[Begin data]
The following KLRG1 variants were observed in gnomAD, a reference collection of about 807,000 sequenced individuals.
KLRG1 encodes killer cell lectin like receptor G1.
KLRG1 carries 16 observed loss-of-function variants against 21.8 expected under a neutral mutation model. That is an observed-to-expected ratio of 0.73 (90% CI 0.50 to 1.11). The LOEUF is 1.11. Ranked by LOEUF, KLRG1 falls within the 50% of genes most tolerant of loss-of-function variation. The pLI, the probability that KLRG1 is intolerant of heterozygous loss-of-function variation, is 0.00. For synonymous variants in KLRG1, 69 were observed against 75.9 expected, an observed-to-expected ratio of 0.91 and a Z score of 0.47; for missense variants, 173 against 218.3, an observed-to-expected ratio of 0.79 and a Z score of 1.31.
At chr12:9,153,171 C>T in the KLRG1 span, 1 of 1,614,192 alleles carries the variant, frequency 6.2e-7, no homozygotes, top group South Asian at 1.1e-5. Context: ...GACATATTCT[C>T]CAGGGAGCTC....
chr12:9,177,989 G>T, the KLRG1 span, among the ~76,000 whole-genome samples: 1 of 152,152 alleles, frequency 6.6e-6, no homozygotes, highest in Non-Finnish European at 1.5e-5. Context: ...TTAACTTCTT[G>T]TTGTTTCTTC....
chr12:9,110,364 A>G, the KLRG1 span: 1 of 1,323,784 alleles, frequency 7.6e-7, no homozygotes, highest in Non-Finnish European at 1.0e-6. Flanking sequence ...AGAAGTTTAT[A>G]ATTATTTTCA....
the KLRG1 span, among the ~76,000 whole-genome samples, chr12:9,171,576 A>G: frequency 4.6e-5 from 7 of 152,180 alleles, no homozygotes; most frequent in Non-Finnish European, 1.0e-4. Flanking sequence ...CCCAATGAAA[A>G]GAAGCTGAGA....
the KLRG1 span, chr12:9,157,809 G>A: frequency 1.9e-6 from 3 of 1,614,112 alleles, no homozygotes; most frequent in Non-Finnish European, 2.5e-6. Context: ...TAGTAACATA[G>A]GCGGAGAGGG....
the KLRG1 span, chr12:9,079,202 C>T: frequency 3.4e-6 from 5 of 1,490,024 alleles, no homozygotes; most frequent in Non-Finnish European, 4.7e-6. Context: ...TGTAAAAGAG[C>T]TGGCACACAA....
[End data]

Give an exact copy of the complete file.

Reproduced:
The following KLRG1 variants were observed in gnomAD, a reference collection of about 807,000 sequenced individuals.
KLRG1 encodes killer cell lectin like receptor G1.
KLRG1 carries 16 observed loss-of-function variants against 21.8 expected under a neutral mutation model. That is an observed-to-expected ratio of 0.73 (90% CI 0.50 to 1.11). The LOEUF is 1.11. Ranked by LOEUF, KLRG1 falls within the 50% of genes most tolerant of loss-of-function variation. The pLI, the probability that KLRG1 is intolerant of heterozygous loss-of-function variation, is 0.00. For synonymous variants in KLRG1, 69 were observed against 75.9 expected, an observed-to-expected ratio of 0.91 and a Z score of 0.47; for missense variants, 173 against 218.3, an observed-to-expected ratio of 0.79 and a Z score of 1.31.
At chr12:9,153,171 C>T in the KLRG1 span, 1 of 1,614,192 alleles carries the variant, frequency 6.2e-7, no homozygotes, top group South Asian at 1.1e-5. Context: ...GACATATTCT[C>T]CAGGGAGCTC....
chr12:9,177,989 G>T, the KLRG1 span, among the ~76,000 whole-genome samples: 1 of 152,152 alleles, frequency 6.6e-6, no homozygotes, highest in Non-Finnish European at 1.5e-5. Context: ...TTAACTTCTT[G>T]TTGTTTCTTC....
chr12:9,110,364 A>G, the KLRG1 span: 1 of 1,323,784 alleles, frequency 7.6e-7, no homozygotes, highest in Non-Finnish European at 1.0e-6. Flanking sequence ...AGAAGTTTAT[A>G]ATTATTTTCA....
the KLRG1 span, among the ~76,000 whole-genome samples, chr12:9,171,576 A>G: frequency 4.6e-5 from 7 of 152,180 alleles, no homozygotes; most frequent in Non-Finnish European, 1.0e-4. Flanking sequence ...CCCAATGAAA[A>G]GAAGCTGAGA....
the KLRG1 span, chr12:9,157,809 G>A: frequency 1.9e-6 from 3 of 1,614,112 alleles, no homozygotes; most frequent in Non-Finnish European, 2.5e-6. Context: ...TAGTAACATA[G>A]GCGGAGAGGG....
the KLRG1 span, chr12:9,079,202 C>T: frequency 3.4e-6 from 5 of 1,490,024 alleles, no homozygotes; most frequent in Non-Finnish European, 4.7e-6. Context: ...TGTAAAAGAG[C>T]TGGCACACAA....